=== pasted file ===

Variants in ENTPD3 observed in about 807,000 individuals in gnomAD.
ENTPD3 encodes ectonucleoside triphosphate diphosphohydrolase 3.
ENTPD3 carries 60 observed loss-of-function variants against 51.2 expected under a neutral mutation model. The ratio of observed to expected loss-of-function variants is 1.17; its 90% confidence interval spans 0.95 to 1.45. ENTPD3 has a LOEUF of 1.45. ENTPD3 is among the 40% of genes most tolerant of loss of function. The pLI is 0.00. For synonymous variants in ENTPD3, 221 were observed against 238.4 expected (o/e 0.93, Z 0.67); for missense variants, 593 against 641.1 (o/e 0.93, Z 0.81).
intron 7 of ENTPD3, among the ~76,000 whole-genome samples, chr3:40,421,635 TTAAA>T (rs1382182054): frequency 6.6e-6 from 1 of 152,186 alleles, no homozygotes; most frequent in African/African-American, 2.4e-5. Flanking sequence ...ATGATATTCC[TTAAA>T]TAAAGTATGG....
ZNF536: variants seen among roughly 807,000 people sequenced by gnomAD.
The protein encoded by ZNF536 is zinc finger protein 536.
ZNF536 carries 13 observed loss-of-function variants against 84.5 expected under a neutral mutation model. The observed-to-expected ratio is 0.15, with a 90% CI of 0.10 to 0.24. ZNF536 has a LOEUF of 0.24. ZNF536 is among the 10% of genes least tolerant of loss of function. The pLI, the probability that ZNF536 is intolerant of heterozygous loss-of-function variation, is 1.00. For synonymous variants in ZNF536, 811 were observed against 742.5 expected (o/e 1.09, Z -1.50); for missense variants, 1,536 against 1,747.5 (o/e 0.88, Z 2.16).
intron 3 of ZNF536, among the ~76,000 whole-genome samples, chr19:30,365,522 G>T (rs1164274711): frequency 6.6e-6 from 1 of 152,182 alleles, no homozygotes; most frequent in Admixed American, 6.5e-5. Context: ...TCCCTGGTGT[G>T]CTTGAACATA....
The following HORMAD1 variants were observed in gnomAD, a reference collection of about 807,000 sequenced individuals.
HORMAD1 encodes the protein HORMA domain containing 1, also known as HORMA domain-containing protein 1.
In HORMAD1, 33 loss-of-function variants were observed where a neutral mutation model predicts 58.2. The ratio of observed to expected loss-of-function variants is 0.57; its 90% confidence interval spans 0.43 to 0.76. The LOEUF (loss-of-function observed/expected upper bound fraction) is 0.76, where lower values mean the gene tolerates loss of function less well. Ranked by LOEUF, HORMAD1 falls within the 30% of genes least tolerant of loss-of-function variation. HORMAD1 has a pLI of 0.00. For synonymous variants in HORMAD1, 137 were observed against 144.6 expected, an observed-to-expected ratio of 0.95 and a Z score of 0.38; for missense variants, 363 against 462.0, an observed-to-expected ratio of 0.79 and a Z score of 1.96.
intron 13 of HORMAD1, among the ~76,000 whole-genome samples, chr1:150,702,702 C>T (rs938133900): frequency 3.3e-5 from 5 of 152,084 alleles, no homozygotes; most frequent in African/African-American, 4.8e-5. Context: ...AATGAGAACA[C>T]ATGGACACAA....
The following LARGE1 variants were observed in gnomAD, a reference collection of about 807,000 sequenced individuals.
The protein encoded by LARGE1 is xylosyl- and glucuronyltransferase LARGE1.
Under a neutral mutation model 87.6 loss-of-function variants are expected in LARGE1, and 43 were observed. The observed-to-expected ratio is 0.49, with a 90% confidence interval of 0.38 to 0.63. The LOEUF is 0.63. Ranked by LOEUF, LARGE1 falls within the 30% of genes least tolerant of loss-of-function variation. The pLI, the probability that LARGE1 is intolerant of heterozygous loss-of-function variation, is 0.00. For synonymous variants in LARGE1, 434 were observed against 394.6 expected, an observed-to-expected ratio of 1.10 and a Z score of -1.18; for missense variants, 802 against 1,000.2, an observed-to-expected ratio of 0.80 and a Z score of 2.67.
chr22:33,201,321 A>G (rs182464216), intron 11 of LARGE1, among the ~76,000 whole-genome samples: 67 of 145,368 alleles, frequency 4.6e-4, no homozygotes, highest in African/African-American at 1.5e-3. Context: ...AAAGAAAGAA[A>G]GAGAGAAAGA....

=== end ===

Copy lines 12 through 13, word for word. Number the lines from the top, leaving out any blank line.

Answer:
intron 13 of HORMAD1, among the ~76,000 whole-genome samples, chr1:150,702,702 C>T (rs938133900): frequency 3.3e-5 from 5 of 152,084 alleles, no homozygotes; most frequent in African/African-American, 4.8e-5. Context: ...AATGAGAACA[C>T]ATGGACACAA....
The following LARGE1 variants were observed in gnomAD, a reference collection of about 807,000 sequenced individuals.